Last updated on March 2019

Blood Pressure Monitoring in High Risk Pregnancy to Improve the Detection and Monitoring of Hypertension

Brief description of study

Raised blood pressure is a common problem in pregnancy. Raised blood pressure and pre-eclampsia affect about one in ten women and are a major cause of death and premature birth in the United Kingdom and worldwide.

Many women have expressed an interest in monitoring their own blood pressure in between antenatal visits but there has been very little research to guide this. The investigators would like to know if the diagnosis and subsequent care of women with raised blood pressure can be improved if women were able to monitor their own blood pressure safely at home. This work will test whether optimising the diagnosis, monitoring and management of raised BP during pregnancy through self-monitoring of BP is effective, acceptable and cost-effective compared to usual care.

The research team have being working with pregnant women, doctors and midwives to develop a simple and accurate method of self-monitoring of blood pressure in pregnancy.

This randomised controlled trial will:

  1. Compare self-monitoring with usual care in women at higher risk of hypertension in pregnancy and assess if self-monitoring can identify raised blood pressure earlier.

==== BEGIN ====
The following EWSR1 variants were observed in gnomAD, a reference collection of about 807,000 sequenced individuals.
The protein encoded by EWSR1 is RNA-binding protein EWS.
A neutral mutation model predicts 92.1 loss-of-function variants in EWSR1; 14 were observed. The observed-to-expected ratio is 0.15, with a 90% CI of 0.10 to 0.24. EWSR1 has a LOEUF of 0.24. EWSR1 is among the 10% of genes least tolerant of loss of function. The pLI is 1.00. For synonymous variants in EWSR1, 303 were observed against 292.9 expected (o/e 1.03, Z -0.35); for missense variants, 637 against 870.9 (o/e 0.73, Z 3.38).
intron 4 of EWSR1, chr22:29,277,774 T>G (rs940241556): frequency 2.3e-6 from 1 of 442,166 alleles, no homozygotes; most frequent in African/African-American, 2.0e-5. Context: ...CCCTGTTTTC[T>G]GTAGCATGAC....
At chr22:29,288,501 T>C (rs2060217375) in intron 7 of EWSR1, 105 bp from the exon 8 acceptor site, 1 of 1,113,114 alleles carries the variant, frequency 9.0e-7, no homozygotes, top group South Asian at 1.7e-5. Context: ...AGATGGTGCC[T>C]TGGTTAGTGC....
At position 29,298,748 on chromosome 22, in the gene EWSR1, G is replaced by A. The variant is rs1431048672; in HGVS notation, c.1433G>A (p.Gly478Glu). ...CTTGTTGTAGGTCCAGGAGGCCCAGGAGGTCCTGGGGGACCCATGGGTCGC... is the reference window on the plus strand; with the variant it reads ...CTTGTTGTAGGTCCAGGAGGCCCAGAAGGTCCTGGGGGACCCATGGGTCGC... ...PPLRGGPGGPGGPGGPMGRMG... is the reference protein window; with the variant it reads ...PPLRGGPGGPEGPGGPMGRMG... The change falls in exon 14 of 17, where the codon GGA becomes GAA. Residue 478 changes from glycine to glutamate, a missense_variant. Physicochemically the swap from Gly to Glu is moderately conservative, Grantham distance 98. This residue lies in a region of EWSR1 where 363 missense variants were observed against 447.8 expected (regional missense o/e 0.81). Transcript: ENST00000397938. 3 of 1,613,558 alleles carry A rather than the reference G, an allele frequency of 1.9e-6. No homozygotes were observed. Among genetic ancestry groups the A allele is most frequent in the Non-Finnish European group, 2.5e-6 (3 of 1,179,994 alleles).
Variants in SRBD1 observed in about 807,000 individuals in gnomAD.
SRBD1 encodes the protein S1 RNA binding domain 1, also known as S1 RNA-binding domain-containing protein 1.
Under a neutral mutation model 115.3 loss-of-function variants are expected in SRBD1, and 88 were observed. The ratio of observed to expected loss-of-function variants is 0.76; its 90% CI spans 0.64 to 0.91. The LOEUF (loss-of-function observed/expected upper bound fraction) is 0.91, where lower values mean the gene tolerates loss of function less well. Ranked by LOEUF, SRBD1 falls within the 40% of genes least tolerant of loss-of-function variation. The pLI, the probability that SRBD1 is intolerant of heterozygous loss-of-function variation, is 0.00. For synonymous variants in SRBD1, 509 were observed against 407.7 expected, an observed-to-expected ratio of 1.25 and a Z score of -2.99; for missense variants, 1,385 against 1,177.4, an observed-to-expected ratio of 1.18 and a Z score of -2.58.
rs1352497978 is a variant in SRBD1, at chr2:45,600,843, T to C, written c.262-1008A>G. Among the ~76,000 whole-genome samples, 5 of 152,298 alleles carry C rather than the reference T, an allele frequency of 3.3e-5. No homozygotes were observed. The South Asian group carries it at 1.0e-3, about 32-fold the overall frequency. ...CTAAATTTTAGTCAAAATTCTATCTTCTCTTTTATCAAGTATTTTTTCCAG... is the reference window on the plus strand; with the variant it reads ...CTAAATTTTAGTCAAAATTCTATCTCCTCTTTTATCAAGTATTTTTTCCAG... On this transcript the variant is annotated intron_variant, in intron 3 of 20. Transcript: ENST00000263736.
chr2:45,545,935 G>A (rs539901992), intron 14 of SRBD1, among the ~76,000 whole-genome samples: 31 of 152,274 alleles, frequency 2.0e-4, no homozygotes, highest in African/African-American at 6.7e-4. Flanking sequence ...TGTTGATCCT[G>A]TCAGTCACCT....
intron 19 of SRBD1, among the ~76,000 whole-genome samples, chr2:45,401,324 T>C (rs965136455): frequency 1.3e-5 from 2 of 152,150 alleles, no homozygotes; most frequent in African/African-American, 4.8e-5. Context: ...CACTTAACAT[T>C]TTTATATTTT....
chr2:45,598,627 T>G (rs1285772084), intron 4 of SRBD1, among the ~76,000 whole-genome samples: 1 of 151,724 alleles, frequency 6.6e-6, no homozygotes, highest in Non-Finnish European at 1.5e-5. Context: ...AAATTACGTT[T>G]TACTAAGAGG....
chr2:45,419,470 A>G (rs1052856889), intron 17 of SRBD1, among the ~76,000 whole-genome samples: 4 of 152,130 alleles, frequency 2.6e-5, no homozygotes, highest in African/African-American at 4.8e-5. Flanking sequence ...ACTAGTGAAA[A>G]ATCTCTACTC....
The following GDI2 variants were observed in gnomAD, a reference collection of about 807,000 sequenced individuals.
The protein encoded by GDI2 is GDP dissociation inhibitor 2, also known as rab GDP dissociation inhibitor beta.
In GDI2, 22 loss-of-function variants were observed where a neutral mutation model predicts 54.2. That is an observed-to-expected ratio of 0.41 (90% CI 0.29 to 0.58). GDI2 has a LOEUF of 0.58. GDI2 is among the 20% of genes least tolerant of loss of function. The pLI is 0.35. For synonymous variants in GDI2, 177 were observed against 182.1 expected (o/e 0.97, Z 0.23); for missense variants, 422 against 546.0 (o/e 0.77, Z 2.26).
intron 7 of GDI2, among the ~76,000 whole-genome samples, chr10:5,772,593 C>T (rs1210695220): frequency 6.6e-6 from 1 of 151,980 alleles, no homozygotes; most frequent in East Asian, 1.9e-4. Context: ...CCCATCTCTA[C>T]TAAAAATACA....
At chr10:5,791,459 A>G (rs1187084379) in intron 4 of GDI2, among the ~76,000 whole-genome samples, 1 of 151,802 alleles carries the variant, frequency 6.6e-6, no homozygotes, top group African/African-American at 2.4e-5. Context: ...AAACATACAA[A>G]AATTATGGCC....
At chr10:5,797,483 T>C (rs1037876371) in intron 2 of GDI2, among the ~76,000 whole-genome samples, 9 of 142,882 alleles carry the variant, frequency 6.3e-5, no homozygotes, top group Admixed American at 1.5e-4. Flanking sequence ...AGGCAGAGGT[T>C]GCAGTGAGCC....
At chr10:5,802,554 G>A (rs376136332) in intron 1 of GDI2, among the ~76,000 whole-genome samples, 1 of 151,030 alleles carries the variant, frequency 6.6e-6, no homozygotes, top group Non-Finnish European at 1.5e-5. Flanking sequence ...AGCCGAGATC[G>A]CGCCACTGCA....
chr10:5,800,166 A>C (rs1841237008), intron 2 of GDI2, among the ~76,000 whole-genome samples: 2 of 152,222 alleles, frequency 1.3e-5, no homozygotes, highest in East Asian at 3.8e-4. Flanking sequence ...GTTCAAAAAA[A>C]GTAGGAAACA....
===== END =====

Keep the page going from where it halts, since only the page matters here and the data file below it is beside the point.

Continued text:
2. Compare self-monitoring with usual care for women with high blood pressure in pregnancy to see if it leads to lower blood pressure.
  3. Assess if self-monitoring is cost-effective.

Pregnant women who chose to take part in these studies will be randomised to either usual care or asked to monitor their own blood pressure during their pregnancy in addition to their usual antenatal care.

Detailed Study Description

BUMP 1 will randomise 2262 women at higher risk of hypertension in pregnancy into usual care or self-monitoring.

BUMP 2 will randomise 512 women with hypertension in pregnancy (including chronic hypertension) into usual care or self-monitoring. Women in BUMP 1 will move into BUMP 2 if they develop hypertension.

Women will be recruited at approximately 10 hospitals in England over approximately 18 months.

Women will be recruited from 20 weeks (BUMP 1) or early pregnancy(BUMP 2) and followed up until 2 months after birth.

Clinical Study Identifier: NCT03334149

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